local governments.
    When EPA is determining whether information is entitled to 
confidentiality, Sec. 2.204(b) requires the Agency to ascertain whether 
there has been a previous confidentiality determination by a Federal 
court or EPA legal office. The normal method of learning about previous 
determinations is to ask the submitter, who would have the most 
comprehensive file of relevant determinations. If the information has 
previously been determined by a Federal court or EPA legal office to be 
entitled to confidentiality, the Agency does not reexamine the issue. 
Instead, the Agency denies any pending FOIA requests for the 
information, and considers the matter closed, unless the previous 
determination was issued by EPA and the Agency now believes that the 
previous determination was erroneous. Pursuant to Sec. 2.205(h), a 
legal office may modify a previous determination believed to be 
erroneous.
    The purpose of Sec. 2.204(b) is to save the time and resources 
otherwise required to decide the issue anew. However, Sec. 2.204(b) 
fails to provide for any effect of either (1) A previous determination 
by a Federal court or EPA legal office that the information is not 
entitled to confidentiality, or (2) a determination by a State or local 
governmental body. Additional savings could be realized if such 
determinations had similar effect.

1. Previous Determinations by a Federal Court or EPA Legal Office That 
Information Is Not Entitled to Confidentiality

    Arguably, such situations are already covered by existing 
regulations. Section 2.204(d)(2) allows an EPA office to issue a 
determination that information is clearly not entitled to 
confidentiality, without giving the submitter an opportunity to 
substantiate the claim. In the Federal Register of September 1, 1976 
(41 FR 36920, discussion of comment #16) the Agency stated that such a 
determination can be made where ``EPA's position on the matter is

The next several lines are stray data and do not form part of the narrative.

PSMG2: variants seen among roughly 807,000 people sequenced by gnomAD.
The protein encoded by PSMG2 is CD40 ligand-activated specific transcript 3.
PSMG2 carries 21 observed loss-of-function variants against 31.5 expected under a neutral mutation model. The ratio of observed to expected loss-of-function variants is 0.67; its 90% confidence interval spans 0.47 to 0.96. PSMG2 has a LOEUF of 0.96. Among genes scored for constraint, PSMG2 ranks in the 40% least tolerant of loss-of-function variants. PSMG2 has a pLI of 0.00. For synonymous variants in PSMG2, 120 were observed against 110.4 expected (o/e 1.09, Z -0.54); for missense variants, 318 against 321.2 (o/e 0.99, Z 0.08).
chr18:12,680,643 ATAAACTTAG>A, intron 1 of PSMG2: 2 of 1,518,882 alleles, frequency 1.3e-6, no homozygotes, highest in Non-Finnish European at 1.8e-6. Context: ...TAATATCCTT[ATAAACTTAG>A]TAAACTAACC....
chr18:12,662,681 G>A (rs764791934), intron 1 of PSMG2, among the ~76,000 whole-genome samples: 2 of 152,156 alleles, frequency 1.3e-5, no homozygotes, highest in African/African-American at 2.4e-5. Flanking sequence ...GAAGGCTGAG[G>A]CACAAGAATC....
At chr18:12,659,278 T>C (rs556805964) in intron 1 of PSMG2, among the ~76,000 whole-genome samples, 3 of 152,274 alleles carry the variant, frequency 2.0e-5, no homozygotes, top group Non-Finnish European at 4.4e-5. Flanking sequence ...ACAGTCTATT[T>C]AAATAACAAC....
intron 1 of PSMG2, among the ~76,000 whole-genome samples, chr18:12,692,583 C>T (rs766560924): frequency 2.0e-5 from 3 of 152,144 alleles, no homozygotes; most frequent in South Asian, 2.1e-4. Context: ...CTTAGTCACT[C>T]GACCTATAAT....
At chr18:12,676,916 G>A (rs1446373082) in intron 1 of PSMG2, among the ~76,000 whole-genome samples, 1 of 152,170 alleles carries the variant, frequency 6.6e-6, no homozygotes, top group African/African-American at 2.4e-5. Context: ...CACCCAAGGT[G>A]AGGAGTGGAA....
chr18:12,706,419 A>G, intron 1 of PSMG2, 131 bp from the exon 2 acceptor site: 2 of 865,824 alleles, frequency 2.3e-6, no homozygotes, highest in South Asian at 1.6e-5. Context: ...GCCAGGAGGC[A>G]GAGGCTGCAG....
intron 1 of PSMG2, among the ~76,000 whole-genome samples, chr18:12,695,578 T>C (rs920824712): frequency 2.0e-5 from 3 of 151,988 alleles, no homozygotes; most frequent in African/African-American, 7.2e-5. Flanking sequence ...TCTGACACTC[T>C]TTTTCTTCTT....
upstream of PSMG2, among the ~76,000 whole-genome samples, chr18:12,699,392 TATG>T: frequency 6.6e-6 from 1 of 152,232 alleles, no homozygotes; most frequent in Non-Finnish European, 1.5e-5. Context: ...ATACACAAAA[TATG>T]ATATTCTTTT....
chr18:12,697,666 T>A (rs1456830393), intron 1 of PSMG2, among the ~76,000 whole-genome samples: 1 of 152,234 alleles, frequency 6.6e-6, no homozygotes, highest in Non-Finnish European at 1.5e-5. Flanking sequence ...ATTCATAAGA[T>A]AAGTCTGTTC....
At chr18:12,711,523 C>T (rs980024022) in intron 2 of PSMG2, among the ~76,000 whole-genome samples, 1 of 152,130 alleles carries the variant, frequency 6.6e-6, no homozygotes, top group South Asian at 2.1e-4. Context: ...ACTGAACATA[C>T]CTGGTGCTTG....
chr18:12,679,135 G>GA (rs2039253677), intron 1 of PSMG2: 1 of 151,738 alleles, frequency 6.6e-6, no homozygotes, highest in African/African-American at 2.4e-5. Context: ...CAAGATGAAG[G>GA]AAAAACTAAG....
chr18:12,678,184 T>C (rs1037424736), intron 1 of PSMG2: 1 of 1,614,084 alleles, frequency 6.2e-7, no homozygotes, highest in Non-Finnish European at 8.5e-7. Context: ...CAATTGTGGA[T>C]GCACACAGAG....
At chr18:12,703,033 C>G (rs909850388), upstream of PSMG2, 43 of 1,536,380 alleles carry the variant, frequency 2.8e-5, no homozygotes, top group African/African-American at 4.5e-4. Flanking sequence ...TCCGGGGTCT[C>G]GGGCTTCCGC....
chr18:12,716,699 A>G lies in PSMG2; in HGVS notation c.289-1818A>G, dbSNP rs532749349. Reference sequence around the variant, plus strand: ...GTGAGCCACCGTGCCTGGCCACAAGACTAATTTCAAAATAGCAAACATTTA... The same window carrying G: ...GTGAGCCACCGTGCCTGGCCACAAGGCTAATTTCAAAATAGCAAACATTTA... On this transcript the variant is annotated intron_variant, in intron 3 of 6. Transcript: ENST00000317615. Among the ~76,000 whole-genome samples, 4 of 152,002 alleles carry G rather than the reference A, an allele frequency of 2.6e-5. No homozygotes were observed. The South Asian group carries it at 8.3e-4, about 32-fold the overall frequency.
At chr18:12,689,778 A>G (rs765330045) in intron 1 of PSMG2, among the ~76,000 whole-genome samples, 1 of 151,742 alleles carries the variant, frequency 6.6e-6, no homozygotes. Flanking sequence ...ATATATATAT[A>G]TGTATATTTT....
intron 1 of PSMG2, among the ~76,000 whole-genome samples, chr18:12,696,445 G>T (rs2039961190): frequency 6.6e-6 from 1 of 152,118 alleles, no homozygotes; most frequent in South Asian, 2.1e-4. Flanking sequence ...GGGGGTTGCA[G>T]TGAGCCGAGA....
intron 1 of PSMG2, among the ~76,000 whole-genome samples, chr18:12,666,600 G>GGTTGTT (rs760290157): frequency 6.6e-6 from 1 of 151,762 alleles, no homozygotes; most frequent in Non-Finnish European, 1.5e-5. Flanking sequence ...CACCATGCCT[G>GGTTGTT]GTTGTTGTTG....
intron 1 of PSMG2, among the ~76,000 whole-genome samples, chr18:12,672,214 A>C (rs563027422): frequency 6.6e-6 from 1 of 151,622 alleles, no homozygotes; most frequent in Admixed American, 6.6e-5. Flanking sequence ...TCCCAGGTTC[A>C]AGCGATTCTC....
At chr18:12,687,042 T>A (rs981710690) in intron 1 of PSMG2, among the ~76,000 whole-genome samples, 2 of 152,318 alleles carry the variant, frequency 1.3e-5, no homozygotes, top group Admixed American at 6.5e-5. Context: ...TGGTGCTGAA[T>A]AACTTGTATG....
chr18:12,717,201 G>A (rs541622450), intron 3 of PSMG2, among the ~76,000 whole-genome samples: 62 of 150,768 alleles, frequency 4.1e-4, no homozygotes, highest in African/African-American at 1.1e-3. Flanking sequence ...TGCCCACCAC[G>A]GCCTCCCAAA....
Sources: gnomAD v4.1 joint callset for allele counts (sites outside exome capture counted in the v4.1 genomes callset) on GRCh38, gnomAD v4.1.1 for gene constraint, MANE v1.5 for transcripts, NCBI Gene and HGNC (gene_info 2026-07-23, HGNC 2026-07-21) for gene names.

already clear and there is nothing further to consider.'' A previous 
confidentiality determination clearly falls within that category. 
Furthermore, on page 36919, in response to comment #13, the Agency 
stated that ``[e]ven if a prior determination states that information 
of a certain type is not entitled to confidential treatment, a business 
should be afforded the opportunity to seek judicial review.'' The 
Agency did not in that sentence discuss an additional opportunity for 
the submitter to substantiate the CBI claim, indicating that a 
Sec. 2.204(d)(2) determination was contemplated by EPA as the 
appropriate procedure when the Agency has previously determined that 
the information was not entitled to confidentiality.
    Nonetheless, in the interest of clarity, EPA now proposes to amend 
Sec. 2.204(b) to make it explicit that a previous determination by an 
EPA legal office or a Federal court denying confidentiality is grounds 
for a Sec. 2.204(d)(2) determination.

2. Previous Determinations by a Federal Agency or by a State or Local 
Government Entity

    Confidentiality determinations by other Federal agencies or by 
State and local governments are not binding upon EPA, and in the case 
of State or local determinations may be based upon inapplicable State 
or local laws. Thus, the legal opinion of another Federal agency or of 
a State or local government as to whether information is entitled to 
confidentiality could only be useful to EPA in an advisory capacity. 
However, where the government entity has determined that the